“Millions of dollars were raised, mainly in small sums, and expended with economic care. Hundreds of women gave the accumulated possibilities of an entire lifetime, thousands gave years of their lives, hundreds of thousands gave constant interest and such aid as they could. It was a continuous, seemingly endless, chain of activity. Young suffragists who helped forge the last links of that chain were not born when it began. Old suffragists who forged the first links were dead when it ended . . . .
“It is doubtful if any man, even among suffrage men, ever realized what the suffrage struggle came to mean to women before the end was allowed in America. How much time and patience, how much work, energy, and aspiration, how much faith, how much hope, how much despair went into it. It leaves its mark on one, such a struggle . . . .”
There were numerous heroes and heroines in Tennessee. We are identifying the suffrage-related sites, markers, monuments, and individuals whose contributions should be remembered. The two of us have worked to get more public art honoring the suffragists placed across the state. There is a dearth of statuary honoring women, so we’re pleased to have more public art recognizing the suffragists.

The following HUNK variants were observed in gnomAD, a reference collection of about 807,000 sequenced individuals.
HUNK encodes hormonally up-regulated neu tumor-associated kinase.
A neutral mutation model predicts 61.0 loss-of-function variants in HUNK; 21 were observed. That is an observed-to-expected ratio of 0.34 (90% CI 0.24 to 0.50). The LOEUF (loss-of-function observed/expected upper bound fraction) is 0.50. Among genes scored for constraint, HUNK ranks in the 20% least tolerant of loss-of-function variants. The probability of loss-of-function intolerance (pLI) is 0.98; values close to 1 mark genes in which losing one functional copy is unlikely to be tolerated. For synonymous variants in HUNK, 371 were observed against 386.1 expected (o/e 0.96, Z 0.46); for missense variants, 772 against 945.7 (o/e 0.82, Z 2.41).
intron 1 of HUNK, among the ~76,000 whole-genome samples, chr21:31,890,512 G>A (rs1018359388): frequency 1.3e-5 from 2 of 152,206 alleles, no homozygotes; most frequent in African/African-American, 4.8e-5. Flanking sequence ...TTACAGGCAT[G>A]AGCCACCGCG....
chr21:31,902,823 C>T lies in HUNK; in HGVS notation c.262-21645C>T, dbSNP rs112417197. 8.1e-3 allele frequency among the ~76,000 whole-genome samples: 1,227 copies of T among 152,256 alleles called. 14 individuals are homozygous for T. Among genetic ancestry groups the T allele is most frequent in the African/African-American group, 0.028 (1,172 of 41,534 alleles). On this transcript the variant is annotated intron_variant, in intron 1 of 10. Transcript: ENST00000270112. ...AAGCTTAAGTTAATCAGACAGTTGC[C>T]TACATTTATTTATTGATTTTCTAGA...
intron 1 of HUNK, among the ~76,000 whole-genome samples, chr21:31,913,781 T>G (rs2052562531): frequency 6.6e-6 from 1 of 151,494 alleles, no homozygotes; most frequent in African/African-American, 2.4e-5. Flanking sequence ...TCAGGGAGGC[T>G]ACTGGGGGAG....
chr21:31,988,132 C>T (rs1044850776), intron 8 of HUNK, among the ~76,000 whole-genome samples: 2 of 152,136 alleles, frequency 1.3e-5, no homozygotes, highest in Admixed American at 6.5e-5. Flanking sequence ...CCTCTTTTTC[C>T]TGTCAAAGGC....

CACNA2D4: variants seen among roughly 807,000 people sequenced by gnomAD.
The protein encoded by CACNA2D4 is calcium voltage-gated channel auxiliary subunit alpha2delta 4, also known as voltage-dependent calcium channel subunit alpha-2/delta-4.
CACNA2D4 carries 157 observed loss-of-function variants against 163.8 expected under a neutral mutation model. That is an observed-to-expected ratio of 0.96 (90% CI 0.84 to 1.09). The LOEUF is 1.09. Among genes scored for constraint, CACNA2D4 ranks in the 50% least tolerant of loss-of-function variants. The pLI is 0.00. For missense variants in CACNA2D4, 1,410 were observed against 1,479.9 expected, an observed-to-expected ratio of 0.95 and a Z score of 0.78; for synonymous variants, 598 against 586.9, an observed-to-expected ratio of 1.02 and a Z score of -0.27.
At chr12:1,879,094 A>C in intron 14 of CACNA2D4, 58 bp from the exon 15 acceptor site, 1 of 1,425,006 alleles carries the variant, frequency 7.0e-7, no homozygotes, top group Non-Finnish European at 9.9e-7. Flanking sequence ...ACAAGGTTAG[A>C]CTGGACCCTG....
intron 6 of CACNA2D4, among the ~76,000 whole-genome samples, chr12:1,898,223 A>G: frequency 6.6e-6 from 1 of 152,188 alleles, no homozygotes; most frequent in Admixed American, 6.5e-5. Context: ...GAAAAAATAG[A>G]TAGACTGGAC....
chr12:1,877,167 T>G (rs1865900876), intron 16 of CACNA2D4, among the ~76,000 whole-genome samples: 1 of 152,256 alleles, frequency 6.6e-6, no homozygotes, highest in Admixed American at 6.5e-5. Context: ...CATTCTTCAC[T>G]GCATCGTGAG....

The public art across the state includes the bas relief sculpture inside the State Capitol, Tennessee Woman Suffrage Memorial in Knoxville (with a second statue planned for unveiling in June), Tennessee Woman Suffrage Monument in Centennial Park, all created by sculptor Alan LeQuire; Wanda Stanfill’s sculpture of Sue Shelton White in front of Jackson City Hall; and more public art planned in Memphis to be unveiled in May 2019 during the Bicentennial events, in Clarksville and Chattanooga. We hope more states will choose to honor the suffragists by 2020 with statuary and markers.
We welcome suggestions at firstname.lastname@example.org for more items to include. As we celebrate Tennessee’s greatest gift to our country, be sure to register and vote.
Paula F. Casey and Jacque Hillman are co-founders of the Tennessee Woman Suffrage Heritage Trail. Casey is a speaker on the 19th Amendment and published The Perfect 36: Tennessee Delivers Woman Suffrage book, e-book and audiobook. Hillman is the Owner of The HillHelen Group Publishing Company and Reconfigured Art Jewelry.